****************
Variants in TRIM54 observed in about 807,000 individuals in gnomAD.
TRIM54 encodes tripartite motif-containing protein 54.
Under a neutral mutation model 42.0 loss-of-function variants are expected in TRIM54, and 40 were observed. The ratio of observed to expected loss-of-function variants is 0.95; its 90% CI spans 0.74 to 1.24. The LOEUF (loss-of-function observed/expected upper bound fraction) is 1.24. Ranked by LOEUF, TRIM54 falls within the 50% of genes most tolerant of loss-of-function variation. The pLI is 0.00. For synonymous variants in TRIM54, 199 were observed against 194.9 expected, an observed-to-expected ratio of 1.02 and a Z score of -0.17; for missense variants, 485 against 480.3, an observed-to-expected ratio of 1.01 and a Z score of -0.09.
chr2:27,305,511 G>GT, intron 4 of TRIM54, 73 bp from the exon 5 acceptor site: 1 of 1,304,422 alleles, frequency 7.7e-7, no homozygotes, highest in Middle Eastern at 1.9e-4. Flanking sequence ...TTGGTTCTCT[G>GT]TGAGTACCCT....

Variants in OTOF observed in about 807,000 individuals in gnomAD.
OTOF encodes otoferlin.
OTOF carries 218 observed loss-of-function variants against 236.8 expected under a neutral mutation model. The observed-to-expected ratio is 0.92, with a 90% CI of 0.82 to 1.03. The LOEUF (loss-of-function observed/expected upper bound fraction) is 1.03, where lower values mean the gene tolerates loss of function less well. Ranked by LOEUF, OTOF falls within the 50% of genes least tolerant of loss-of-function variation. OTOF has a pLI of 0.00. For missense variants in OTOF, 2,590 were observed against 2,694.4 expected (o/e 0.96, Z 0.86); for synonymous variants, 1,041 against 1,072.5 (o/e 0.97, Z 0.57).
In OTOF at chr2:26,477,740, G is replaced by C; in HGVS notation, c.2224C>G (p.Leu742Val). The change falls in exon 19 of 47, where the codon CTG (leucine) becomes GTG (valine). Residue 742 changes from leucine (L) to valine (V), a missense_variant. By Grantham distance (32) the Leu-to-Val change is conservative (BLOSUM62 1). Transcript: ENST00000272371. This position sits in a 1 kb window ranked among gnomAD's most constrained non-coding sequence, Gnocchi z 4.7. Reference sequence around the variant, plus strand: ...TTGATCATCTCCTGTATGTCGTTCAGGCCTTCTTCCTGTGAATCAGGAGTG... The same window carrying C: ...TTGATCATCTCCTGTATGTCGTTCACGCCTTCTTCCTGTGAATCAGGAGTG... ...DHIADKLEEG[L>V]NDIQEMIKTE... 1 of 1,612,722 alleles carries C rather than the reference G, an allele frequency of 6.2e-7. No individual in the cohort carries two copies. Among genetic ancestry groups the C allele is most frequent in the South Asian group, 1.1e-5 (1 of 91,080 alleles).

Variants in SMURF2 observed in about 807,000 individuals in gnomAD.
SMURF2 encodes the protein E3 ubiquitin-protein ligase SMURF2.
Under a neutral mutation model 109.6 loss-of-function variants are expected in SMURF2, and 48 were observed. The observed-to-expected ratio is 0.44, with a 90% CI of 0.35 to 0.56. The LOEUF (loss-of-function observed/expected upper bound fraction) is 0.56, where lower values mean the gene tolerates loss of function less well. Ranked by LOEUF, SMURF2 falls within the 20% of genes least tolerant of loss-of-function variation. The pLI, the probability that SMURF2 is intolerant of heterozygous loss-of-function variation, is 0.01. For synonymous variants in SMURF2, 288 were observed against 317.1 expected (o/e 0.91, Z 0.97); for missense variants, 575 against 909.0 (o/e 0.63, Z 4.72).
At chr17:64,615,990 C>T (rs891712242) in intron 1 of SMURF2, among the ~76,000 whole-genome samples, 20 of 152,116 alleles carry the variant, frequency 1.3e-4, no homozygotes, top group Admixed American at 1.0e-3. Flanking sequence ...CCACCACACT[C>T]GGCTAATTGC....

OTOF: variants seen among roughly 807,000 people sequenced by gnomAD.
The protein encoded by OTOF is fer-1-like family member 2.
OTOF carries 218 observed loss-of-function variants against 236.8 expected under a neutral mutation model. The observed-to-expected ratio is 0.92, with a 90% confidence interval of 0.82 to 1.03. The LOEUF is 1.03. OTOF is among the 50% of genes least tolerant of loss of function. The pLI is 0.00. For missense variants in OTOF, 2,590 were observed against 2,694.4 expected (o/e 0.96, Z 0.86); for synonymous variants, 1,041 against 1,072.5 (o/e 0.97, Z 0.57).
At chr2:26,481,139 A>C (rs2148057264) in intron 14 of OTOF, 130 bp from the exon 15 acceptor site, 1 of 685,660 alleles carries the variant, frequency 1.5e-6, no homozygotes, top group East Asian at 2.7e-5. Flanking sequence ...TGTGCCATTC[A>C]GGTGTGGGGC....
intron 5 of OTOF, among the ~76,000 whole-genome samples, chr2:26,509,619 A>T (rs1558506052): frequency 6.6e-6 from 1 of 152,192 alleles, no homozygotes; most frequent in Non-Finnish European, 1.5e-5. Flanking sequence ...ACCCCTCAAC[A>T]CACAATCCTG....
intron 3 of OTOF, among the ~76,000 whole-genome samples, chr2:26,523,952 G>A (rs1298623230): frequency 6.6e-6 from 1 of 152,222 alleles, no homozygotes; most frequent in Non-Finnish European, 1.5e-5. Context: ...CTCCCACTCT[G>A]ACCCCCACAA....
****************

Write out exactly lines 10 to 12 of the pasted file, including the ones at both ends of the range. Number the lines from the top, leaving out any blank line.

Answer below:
SMURF2 encodes the protein E3 ubiquitin-protein ligase SMURF2.
Under a neutral mutation model 109.6 loss-of-function variants are expected in SMURF2, and 48 were observed. The observed-to-expected ratio is 0.44, with a 90% CI of 0.35 to 0.56. The LOEUF (loss-of-function observed/expected upper bound fraction) is 0.56, where lower values mean the gene tolerates loss of function less well. Ranked by LOEUF, SMURF2 falls within the 20% of genes least tolerant of loss-of-function variation. The pLI, the probability that SMURF2 is intolerant of heterozygous loss-of-function variation, is 0.01. For synonymous variants in SMURF2, 288 were observed against 317.1 expected (o/e 0.91, Z 0.97); for missense variants, 575 against 909.0 (o/e 0.63, Z 4.72).
At chr17:64,615,990 C>T (rs891712242) in intron 1 of SMURF2, among the ~76,000 whole-genome samples, 20 of 152,116 alleles carry the variant, frequency 1.3e-4, no homozygotes, top group Admixed American at 1.0e-3. Flanking sequence ...CCACCACACT[C>T]GGCTAATTGC....